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Australia - Digital Economy - Cyber Crime, Privacy and Copyright issues - Product Image

Australia - Digital Economy - Cyber Crime, Privacy and Copyright issues

  • ID: 3170697
  • Report
  • July 2017
  • Region: Global, Australia
  • 24 pages
  • Paul Budde Communication Pty Ltd
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With the internet having become critical national and international infrastructure a whole range of privacy and issues have come to the fore in relation to the digital economy and the digital society.

Some of these issues are in relation to national and international security and tens of billions are spent by governments using the internet as a surveillance tool. This has led to a frenzy of activity by governments to, on the one hand, protect their sovereignty and, on the other, use the internet for their own security activities.

Separate to this are the commercial issues. With internet services becoming pervasive it can be argued, rightly or wrongly, that there are some services that people simply have to have. This is exploited by the companies involved, with requests for a range of highly private data in exchange for the free use of these applications and services.

In 2017 the Australian Federal Court narrowed the definition of personal information. Australia's data privacy laws only protect personal information, which is defined by whether a person is identified or identifiable from data.

Another issue relates to the free flow of information over the internet. In countries with little infrastructure- based competition there is a threat that these providers will use commercial arrangements to favour some over the rest. This is known as the net neutrality issue and, while this issue is mainly of concern to the USA, other countries are also keeping a close eye on possible monopolistic misuse.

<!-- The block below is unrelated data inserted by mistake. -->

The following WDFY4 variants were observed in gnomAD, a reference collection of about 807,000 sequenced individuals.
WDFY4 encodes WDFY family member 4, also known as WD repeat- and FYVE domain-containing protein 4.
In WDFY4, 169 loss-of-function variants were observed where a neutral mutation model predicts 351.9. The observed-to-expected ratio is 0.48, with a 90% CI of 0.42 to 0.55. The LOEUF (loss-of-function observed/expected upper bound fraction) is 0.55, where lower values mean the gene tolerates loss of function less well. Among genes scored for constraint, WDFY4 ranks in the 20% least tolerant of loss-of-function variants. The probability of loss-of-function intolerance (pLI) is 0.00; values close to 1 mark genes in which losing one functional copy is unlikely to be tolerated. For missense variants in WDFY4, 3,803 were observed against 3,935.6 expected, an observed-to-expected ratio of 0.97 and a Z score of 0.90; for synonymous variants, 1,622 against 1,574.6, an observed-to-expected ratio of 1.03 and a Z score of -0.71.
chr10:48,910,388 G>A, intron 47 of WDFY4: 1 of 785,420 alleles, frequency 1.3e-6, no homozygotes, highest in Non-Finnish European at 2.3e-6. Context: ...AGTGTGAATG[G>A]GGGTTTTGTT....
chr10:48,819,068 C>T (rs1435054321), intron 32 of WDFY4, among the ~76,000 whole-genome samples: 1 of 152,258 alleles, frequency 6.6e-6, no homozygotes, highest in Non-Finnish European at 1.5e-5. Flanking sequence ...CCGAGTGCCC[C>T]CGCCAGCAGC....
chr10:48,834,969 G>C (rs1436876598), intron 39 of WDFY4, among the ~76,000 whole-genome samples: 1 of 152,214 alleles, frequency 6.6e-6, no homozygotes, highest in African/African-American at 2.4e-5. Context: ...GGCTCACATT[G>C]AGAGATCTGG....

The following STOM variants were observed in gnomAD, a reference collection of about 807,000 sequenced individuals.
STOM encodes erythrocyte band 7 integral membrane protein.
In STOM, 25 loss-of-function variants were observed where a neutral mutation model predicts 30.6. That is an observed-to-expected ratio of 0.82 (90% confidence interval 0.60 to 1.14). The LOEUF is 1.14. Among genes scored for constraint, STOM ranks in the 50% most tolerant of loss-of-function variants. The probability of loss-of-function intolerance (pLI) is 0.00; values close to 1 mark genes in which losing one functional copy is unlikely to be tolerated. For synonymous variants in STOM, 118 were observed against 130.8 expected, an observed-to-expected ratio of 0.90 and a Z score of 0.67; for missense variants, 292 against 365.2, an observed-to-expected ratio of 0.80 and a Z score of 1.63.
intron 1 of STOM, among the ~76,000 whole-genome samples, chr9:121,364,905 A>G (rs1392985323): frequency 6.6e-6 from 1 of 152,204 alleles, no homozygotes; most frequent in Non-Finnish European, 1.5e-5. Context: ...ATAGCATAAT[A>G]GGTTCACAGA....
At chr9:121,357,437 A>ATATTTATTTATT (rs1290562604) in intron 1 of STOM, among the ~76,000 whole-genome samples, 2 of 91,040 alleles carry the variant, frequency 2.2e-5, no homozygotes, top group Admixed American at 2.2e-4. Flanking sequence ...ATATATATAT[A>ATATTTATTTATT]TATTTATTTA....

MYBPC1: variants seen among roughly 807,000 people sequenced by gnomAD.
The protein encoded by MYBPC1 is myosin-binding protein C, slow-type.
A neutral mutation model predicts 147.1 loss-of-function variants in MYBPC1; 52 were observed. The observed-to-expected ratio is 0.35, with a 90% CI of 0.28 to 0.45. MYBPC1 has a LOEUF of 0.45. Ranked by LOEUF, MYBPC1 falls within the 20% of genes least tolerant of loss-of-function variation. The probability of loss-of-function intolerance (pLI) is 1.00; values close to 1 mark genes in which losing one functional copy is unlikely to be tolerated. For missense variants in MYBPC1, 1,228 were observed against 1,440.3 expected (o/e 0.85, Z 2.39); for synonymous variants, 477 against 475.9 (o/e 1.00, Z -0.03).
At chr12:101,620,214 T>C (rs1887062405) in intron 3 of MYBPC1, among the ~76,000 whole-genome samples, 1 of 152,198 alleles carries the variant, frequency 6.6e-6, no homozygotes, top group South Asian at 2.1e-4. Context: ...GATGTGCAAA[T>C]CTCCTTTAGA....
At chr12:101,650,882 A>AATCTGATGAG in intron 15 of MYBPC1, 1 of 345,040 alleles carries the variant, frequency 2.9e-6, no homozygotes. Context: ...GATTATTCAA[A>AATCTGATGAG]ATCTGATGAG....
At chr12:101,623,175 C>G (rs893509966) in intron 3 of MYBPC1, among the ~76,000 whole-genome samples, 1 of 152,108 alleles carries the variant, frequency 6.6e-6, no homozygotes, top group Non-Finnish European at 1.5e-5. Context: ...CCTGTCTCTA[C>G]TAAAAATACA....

On top of that is the issue of international governance of the internet and its basic infrastructure. However, with widely diverging interests from countries such as China, Russia, Iran, North Korea on one side and Europe and North America on the other, there is a long way to go before any consensus can be reached, if ever.
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1. Synopsis

2. $230m cybersecurity plan

3. Government-industry collaboration is better than developing a surveillance state.

4. How to move cybersecurity forward in a more positive way

5. Is technology tinkering with our democratic principles?

6. Cyber crime
6.1 Statistical overview
6.2 Dark Nets
6.3 A snapshot of key attacks
6.4 How to limit the damage
6.5 Cryptography

7. Data retention legislation
7.1 Introduction
7.2 Cost of the scheme
7.3 Data retention policy more risks than gains?
7.4 The aim of the proposed legislation
7.5 How to finance mass surveillance - The internet tax
7.6 Security risk could be higher than its gain
7.7 New laws more harm than good

8. Copyright laws for the digital economy
8.1 Copyright Amendment (Online Infringement) Bill
8.2 Hollywood studios get access to telco regulation
8.3 Rushed, chaotic and inadequate
8.4 TPP secrecy in politics continue

9. Privacy and trust fundamentals of a digital economy
9.1 Update on Australian Issues in Australia
9.2 The networked society and personal freedom
9.3 The David and Goliath battle for privacy
9.4 Consumers are the serfs of the feudal internet companies
9.5 Permission-based marketing
9.6 Trust is eroding
9.7 Government intervention is unavoidable
9.8 Social Compact for Digital Privacy and Security

10. Trade in Services Agreement - Telecommunications Annex

11. Other Reports

List of Exhibits
Exhibit 1 - Cyber crime statistics
Exhibit 2 - ACC UPDATE advice
Exhibit 3 Australians express their concerns about privacy
Exhibit 4 - Statistics shows customers don't trust B2B companies
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